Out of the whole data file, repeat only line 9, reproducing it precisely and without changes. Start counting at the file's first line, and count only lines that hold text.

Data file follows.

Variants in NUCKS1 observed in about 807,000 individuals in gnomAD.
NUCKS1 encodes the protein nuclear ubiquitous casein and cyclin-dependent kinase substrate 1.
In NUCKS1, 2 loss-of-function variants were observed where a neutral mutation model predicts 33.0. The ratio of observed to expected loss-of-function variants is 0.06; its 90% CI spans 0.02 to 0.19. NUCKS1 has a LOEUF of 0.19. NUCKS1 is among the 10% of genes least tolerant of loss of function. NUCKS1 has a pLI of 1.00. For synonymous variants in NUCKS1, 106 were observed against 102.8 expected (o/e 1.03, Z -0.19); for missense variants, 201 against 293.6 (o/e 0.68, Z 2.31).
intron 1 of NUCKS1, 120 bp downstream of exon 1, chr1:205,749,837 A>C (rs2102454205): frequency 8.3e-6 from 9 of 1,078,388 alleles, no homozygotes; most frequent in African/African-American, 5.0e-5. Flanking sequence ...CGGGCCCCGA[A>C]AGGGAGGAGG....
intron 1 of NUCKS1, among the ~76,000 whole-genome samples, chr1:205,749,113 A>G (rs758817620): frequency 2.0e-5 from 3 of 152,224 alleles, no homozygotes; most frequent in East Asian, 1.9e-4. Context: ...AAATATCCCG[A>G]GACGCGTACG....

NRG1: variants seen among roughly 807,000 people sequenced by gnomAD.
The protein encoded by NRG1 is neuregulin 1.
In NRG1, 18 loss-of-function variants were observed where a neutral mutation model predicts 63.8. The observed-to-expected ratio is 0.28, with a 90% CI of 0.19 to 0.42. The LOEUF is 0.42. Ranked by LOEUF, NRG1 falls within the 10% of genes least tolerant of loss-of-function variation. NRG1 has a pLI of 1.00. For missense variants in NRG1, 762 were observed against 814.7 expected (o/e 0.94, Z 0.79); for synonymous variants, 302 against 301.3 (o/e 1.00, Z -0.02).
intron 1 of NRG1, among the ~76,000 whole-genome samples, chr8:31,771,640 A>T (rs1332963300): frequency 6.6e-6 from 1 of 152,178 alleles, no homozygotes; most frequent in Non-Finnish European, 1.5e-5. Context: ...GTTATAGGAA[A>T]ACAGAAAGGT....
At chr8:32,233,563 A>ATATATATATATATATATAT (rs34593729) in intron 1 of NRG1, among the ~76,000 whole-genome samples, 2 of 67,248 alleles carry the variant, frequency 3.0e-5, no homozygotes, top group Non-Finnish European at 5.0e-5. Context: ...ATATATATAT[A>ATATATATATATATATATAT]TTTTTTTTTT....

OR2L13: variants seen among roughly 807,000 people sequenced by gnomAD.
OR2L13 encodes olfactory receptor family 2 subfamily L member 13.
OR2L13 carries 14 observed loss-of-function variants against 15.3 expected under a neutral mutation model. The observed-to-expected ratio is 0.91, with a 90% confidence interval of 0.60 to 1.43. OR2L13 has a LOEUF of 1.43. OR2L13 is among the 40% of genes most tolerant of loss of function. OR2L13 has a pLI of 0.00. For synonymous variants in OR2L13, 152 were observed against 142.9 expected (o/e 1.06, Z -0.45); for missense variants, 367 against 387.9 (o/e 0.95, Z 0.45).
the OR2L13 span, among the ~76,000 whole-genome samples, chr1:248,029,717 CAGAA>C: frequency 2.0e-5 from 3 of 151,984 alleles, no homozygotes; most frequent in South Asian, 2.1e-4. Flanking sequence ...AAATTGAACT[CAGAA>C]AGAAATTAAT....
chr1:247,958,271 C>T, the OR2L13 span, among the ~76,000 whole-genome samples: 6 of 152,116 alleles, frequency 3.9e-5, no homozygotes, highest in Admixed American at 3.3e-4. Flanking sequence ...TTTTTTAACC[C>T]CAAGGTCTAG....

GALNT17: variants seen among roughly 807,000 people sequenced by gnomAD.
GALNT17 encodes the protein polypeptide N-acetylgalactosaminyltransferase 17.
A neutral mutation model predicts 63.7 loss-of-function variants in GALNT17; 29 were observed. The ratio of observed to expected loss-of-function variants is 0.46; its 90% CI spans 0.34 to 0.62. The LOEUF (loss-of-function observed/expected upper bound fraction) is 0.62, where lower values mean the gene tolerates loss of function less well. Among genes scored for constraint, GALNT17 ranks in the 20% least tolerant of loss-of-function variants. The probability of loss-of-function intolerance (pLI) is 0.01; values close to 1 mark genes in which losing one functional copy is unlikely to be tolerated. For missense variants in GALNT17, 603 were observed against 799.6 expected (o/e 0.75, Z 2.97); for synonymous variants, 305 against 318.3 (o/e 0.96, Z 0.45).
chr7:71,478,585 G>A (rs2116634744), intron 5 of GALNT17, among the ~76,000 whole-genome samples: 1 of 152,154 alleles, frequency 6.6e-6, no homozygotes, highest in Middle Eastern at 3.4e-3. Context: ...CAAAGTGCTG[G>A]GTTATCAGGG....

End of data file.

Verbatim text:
intron 1 of NRG1, among the ~76,000 whole-genome samples, chr8:31,771,640 A>T (rs1332963300): frequency 6.6e-6 from 1 of 152,178 alleles, no homozygotes; most frequent in Non-Finnish European, 1.5e-5. Context: ...GTTATAGGAA[A>T]ACAGAAAGGT....